Article

Novel Gammaherpesviruses in North American Domestic Cats, Bobcats, and Pumas: Identification, Prevalence, and Risk Factors

Journal of Virology (Impact Factor: 4.65). 01/2014; 88(8). DOI: 10.1128/JVI.03405-13
Source: PubMed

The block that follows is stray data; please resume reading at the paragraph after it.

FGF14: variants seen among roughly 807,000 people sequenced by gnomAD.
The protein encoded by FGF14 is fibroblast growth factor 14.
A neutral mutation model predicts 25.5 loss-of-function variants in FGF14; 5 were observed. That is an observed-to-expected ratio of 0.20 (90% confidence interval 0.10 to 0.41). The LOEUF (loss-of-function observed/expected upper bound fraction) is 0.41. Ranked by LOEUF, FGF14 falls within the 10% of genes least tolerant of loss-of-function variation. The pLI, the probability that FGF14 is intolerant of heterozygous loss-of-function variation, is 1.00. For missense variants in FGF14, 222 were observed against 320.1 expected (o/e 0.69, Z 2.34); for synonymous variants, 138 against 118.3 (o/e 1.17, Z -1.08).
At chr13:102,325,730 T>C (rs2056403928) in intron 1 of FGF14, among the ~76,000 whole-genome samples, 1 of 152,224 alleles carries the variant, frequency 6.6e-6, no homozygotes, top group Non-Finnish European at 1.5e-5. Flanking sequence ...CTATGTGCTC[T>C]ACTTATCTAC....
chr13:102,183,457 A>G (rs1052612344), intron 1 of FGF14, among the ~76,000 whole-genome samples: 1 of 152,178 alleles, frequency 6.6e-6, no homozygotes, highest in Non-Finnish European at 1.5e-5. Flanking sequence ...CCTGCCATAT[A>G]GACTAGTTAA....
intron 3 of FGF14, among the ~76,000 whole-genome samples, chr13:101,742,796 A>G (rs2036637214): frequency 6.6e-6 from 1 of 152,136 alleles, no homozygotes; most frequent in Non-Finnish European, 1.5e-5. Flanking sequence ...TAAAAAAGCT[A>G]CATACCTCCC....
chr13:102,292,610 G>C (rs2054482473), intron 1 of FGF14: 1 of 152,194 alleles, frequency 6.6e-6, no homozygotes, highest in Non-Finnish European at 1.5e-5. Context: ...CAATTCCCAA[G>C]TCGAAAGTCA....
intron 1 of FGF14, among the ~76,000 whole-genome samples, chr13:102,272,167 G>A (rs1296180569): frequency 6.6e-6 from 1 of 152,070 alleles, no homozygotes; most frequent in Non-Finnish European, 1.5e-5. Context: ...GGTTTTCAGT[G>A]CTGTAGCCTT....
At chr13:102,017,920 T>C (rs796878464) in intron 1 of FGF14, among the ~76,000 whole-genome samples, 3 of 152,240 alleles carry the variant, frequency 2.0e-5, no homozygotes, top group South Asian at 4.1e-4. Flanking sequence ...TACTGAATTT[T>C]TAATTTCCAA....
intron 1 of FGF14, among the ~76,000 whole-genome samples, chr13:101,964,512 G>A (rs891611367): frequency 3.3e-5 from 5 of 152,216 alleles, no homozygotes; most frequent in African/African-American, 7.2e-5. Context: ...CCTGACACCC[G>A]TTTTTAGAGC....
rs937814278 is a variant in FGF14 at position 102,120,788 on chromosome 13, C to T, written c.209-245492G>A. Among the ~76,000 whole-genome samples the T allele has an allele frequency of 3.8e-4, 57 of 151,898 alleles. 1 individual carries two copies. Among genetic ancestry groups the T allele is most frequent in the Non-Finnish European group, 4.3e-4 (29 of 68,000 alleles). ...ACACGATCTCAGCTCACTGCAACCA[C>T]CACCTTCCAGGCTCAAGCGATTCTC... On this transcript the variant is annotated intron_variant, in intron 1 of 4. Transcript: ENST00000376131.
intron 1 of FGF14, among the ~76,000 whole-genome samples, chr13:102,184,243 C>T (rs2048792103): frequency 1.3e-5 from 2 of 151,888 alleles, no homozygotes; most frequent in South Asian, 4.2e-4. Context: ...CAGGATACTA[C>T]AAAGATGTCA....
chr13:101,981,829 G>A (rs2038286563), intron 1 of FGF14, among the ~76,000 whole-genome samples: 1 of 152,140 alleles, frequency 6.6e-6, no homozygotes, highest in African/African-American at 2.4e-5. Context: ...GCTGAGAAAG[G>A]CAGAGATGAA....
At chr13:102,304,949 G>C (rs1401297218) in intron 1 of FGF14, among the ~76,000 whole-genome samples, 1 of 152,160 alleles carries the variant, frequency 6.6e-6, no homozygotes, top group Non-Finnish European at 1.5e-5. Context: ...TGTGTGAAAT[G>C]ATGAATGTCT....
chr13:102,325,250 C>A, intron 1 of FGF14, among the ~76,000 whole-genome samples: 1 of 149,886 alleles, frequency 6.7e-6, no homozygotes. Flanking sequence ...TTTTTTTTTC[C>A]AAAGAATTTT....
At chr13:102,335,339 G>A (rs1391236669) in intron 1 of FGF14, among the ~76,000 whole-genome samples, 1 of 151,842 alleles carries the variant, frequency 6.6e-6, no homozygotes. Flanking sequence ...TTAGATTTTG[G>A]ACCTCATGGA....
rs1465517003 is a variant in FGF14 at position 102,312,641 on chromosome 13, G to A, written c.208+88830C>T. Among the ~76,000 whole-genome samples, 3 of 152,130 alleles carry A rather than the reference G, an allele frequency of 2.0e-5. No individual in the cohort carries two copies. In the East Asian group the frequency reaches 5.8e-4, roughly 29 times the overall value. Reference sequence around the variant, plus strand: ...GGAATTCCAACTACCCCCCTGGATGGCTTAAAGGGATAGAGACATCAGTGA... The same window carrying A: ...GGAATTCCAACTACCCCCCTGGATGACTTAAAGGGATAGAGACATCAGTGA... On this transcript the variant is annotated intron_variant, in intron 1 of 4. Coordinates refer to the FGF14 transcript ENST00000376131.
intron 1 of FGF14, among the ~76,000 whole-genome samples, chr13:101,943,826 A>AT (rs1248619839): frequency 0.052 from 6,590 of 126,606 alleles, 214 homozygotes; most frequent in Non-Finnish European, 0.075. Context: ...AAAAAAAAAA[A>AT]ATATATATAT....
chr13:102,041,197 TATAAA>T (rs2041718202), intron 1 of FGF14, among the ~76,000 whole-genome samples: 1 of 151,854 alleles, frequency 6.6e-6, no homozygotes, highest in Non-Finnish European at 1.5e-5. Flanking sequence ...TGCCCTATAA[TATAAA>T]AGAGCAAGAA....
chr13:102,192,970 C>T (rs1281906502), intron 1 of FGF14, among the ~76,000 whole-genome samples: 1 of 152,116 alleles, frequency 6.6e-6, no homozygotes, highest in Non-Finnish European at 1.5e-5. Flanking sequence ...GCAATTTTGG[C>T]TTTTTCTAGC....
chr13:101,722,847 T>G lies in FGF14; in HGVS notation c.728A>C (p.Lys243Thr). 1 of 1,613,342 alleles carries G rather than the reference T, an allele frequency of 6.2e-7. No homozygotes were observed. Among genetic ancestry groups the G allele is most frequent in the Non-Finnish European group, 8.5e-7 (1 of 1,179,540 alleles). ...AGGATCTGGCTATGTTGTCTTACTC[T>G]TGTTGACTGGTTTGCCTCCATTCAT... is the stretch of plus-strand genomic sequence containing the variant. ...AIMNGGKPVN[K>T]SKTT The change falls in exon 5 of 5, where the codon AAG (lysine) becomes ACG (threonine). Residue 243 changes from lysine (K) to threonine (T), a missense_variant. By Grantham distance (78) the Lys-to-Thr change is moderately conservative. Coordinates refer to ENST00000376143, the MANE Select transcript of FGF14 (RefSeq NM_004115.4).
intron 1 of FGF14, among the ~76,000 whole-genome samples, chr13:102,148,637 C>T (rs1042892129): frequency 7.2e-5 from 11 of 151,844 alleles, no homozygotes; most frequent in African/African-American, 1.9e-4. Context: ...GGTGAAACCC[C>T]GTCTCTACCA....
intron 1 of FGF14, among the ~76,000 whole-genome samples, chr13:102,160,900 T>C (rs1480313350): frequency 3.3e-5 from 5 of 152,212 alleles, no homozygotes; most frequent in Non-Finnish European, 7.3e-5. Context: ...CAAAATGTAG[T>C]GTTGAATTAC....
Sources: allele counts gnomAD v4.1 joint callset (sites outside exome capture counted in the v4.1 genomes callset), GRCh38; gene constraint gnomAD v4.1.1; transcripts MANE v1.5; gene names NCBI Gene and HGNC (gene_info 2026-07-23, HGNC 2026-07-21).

ABSTRACT Gammaherpesviruses (GHVs) are a diverse and rapidly expanding group of viruses associated with a variety of disease conditions in humans and animals. To identify felid GHVs, we screened domestic cat (Felis catus), bobcat (Lynx rufus) and puma (Puma concolor) blood cell DNA samples from California, Colorado and Florida using a degenerate pan-GHV PCR. Additional pan-GHV and long-distance PCRs were used to sequence a contiguous 3.4 kb region of each putative virus species including partial glycoprotein B and DNA polymerase genes. We identified three novel GHVs, each present predominantly in one felid species: Felis catus GHV 1 (FcaGHV1) in domestic cats, Lynx rufus GHV 1 (LruGHV1) in bobcats, and Puma concolor GHV 1 (PcoGHV1) in pumas. To estimate infection prevalence, we developed real-time quantitative PCR assays for each virus and screened additional DNA samples from all three species (n = 282). FcaGHV1 was detected in 16% of domestic cats across all study sites. LruGHV1 was detected in 47% of bobcats and 13% of pumas across all study sites, suggesting relatively common interspecific transmission. PcoGHV1 was detected in 6% of pumas, all from a specific region of Southern California. The risk of infection for each host varied with geographic location. Age was a positive risk factor for bobcat LruGHV1 infection, and age and being male were risk factors for domestic cat FcaGHV1 infection. Further characterization of these viruses may have significant health implications for domestic cats and may aid studies of free-ranging felid ecology.Importance Gammaherpesviruses (GHVs) establish life-long infection in many animal species and can cause cancer and other diseases in humans and animals. In this study we identified DNA sequences of three GHVs present in the blood of domestic cats (Felis catus), bobcats (Lynx rufus) and pumas (Puma concolor, also known as cougars or mountain lions). We found that these viruses were closely related to, but distinct from, other known GHVs of animals and represent the first GHVs identified as native to these feline species. We developed techniques to rapidly and specifically detect the DNA of these viruses in feline blood and found that the domestic cat and bobcat viruses were widespread across the US. In contrast, puma virus was found only in a specific region of southern California. Surprisingly, the bobcat virus was also detected in some pumas, suggesting relatively common virus transmission between these species. Adult domestic cats and bobcats were at greater risk for infection than juveniles. Male domestic cats were at greater risk for infection than females. This study identifies three new viruses that are widespread in three feline species, indicates risk factors for infection that may relate to route of infection, and demonstrates cross-species transmission between bobcats and pumas. These newly identified viruses may have important effects on feline health and ecology.

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